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Saint Patrick’s Parade Day in Dallas

Last updated on March 25, 2019

Sunday March 17, 2019

Ask any neighborhood resident west of Central Expressway about St. Patrick’s Parade day and they will tell you that it is the day from hell. Why…?

The reason is because our neighborhoods are besieged with parade goers parking bumper to bumper on both sides of our narrow neighborhood streets. Our sidewalks are filled with parade pedestrians walking to and from the parade area all day long. Beer bottles, plastic cups, food wrappers, candy wrappers, and green beads get strewn everywhere in the sidewalks, our lawns, and in the street. As the day wears on, the more intoxicated of the hoards end up urinating in the alleys, our driveways, and even our front yards. Some vomit in the street, or anywhere they happen to be. The incessant booming car stereos, parade announcers, bar bands, and loud car engines continues all day long, well into the evening hours. And when these parade goers finally get back to their cars, they head out on our neighborhood streets and local highways intoxicated and dangerous to themselves and other drivers.

Now this event primarily benefits the parade organizers and the local businesses that line the parade route. It also primarily benefits the City of Dallas, as they get all the license fees and overrides on what parade fees are paid and tax revenues on what products, food, drinks, etc are sold. But neither the parade organizers nor the City of Dallas lifts a finger to help with crowd control, sanitation, traffic control, or police protection in the neighborhoods they send their parade goers into to park. They leave these neighborhoods to fend for themselves in terms of keeping their property and their families safe, and to clean-up for themselves the enormous mess of trash, vomit, and urine left behind the next day.

Oddly enough, the City of University Park does care about its residents, even though they stand to profit nothing from this parade event. The streets were patrolled often by University Park Police and citations issued when civil infractions were observed. But patrolling Dallas isn’t really their job, in spite of the fact that Dallas just wants to maximize their revenues and allow these parade organizers to maximize their profits.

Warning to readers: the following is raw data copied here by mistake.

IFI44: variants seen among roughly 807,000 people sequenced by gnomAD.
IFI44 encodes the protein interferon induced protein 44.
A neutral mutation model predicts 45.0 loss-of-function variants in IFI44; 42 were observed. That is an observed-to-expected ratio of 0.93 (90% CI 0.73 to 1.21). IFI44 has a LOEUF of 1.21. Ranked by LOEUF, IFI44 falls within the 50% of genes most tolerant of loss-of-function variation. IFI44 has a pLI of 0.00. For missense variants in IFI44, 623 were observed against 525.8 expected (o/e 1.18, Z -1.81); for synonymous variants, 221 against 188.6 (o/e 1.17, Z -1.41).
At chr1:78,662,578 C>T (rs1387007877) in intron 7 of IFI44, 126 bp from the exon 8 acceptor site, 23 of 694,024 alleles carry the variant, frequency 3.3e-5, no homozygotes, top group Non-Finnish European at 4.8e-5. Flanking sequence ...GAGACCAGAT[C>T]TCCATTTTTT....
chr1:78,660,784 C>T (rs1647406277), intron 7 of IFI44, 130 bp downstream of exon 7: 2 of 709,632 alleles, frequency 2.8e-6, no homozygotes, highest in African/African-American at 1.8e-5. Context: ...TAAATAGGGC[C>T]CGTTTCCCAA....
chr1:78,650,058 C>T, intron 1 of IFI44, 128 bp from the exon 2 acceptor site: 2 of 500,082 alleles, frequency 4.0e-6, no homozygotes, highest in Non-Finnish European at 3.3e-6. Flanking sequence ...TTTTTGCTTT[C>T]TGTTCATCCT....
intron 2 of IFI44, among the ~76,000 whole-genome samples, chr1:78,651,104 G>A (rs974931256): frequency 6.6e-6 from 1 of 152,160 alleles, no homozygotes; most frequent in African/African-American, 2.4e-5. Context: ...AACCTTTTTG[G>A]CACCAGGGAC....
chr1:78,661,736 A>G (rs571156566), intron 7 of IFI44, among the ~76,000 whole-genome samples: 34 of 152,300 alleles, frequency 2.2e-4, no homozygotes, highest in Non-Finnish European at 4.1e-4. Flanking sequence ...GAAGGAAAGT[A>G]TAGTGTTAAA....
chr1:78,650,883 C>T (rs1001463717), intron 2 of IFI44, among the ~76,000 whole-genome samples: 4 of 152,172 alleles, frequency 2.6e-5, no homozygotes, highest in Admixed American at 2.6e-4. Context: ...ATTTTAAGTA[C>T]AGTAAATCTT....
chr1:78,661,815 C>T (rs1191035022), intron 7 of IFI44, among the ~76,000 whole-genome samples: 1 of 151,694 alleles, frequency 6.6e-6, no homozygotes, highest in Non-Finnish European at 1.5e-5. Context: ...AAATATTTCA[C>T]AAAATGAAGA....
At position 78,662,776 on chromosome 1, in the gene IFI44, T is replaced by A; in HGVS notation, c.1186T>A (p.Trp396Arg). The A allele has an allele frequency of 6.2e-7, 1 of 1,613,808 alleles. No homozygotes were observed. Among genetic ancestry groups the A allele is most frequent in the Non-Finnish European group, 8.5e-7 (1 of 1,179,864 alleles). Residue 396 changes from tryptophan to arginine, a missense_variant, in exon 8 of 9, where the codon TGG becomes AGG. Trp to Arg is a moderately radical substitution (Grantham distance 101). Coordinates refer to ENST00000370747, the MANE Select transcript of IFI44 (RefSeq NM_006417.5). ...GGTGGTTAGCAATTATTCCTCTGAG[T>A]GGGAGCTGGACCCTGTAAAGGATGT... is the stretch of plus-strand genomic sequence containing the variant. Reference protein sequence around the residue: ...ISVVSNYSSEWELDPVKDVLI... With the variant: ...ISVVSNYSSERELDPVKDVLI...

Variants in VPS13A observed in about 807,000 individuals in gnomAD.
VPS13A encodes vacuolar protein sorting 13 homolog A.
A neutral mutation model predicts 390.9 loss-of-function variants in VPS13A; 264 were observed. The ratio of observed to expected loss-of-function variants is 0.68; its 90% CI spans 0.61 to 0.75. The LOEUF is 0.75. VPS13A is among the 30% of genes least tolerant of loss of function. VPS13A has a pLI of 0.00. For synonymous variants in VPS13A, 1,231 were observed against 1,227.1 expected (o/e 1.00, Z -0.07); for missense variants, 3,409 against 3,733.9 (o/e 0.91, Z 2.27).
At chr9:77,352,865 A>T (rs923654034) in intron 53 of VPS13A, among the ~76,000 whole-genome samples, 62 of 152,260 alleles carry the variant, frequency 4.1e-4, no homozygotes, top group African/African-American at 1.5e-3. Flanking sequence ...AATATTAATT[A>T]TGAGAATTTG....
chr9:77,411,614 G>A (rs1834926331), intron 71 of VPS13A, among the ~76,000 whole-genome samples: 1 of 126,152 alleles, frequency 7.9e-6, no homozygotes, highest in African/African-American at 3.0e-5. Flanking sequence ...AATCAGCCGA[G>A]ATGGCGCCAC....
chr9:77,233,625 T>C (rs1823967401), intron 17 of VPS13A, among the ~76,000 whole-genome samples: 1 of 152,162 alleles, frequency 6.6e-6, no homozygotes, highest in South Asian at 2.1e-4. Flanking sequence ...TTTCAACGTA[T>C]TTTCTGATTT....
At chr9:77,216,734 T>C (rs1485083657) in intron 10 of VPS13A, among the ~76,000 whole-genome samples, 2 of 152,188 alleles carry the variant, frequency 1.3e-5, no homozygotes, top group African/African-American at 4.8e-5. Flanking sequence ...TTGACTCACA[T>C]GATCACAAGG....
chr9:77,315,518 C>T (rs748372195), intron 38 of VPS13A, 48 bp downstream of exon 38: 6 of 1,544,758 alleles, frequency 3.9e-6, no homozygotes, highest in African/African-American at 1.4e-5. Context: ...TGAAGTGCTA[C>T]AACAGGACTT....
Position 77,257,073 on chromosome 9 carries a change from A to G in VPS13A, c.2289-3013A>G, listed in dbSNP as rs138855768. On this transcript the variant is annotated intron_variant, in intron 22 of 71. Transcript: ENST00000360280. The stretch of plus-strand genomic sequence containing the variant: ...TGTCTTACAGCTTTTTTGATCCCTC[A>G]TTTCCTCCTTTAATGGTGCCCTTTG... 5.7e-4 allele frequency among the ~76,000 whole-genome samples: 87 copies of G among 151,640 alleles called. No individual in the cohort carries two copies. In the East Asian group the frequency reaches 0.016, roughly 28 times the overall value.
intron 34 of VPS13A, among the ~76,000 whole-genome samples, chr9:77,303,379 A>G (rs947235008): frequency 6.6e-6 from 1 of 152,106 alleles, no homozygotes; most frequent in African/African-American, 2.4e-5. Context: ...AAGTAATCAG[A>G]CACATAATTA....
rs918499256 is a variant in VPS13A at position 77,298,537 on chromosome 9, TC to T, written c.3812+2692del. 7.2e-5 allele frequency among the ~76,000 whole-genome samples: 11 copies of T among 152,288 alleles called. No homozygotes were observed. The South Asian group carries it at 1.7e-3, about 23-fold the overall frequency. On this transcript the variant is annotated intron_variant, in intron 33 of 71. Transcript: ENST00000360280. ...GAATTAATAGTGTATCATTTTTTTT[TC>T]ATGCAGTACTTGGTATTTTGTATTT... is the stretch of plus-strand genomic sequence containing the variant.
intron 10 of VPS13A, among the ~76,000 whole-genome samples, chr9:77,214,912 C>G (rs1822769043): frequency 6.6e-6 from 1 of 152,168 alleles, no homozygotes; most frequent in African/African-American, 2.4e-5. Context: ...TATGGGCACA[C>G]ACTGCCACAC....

I’ve lived in a lot of different cities, each with their own main parade days, and none of them ever turned their back on their residents during their events like Dallas has. First, they organized public transportation to and from their events. Second, they increased police patrol in areas adjacent to their events to help with crowd and traffic control, and keep things civil. Third, they provided clean-up crews and street sweepers early the next morning to make sure any messes were cleaned-up first thing. And many of their parade events involved several times more attendees than the 90 thousand estimated at this year’s Saint Patrick’s Day parade.

Bottom line is Saint Patrick’s Parade day is a plague upon our neighborhoods and our citizens. One there is no justification for. Not only does Dallas have but an insignificant percentage of citizens of Irish decent, but Saint Patrick himself wasn’t even Irish – he was British. He was born “Maewyn Succat” in the 4th century, but changed his name to “Patricius” after becoming a priest. And interestingly enough, Saint Patrick’s day in Ireland was born as a feast day in which bars were closed (no drinking). A far cry from how it is celebrated today. In fact, St. Patrick became a bishop shortly before his death, and is widely credited for bringing Christianity to Ireland. By the way, Saint Patrick’s original color was blue. It was only changed to green to link to the Irish independence movement in the late 18th century.

So why all the encouragement to drink ourselves silly on green beer? So we’ll spend a lot of money doing so, of course. And spending money makes a lot of businesses and the City of Dallas a lot of money. So next time you feel like dressing up in green, getting drunk, and trashing out your local neighborhoods, ask yourself if celebrating a phony holiday all about making others money is really worth it for you, or the right thing to do. Try instead to find reasons to celebrate in a responsible way that respects other people and pays homage to something worthy of your respect and consideration. Our nation is filled with a variety of people from varying nationalities and ethnicity. We could find a reason to celebrate Italian Day, Spanish Day, Polish Day, Scottish Day, African Day, Netherlands Day, and so forth. Let’s find good reasons to celebrate legitimate things, not manufactured holiday’s just to promote consumer spending.

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